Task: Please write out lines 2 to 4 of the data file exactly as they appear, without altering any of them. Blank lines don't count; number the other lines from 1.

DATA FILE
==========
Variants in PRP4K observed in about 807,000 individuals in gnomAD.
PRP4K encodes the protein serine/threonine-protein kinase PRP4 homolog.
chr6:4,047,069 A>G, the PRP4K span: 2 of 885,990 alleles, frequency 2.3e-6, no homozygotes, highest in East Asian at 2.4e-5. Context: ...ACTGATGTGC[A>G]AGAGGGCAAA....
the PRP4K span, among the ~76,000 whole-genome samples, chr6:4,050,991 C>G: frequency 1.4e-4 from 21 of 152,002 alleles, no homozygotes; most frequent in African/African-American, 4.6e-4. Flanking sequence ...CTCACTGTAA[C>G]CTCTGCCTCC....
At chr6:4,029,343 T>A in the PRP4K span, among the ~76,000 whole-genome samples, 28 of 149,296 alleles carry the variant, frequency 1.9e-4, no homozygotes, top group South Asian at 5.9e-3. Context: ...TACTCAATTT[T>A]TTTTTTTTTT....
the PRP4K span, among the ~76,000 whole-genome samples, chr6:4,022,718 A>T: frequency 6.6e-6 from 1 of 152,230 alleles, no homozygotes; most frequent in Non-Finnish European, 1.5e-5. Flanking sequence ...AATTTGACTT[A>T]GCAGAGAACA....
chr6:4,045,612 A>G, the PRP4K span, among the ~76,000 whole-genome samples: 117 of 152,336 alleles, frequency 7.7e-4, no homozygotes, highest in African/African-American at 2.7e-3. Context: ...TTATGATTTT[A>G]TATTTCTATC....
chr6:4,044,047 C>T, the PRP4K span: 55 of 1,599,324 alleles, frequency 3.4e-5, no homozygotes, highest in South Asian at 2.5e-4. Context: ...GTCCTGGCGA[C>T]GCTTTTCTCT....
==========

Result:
PRP4K encodes the protein serine/threonine-protein kinase PRP4 homolog.
chr6:4,047,069 A>G, the PRP4K span: 2 of 885,990 alleles, frequency 2.3e-6, no homozygotes, highest in East Asian at 2.4e-5. Context: ...ACTGATGTGC[A>G]AGAGGGCAAA....
the PRP4K span, among the ~76,000 whole-genome samples, chr6:4,050,991 C>G: frequency 1.4e-4 from 21 of 152,002 alleles, no homozygotes; most frequent in African/African-American, 4.6e-4. Flanking sequence ...CTCACTGTAA[C>G]CTCTGCCTCC....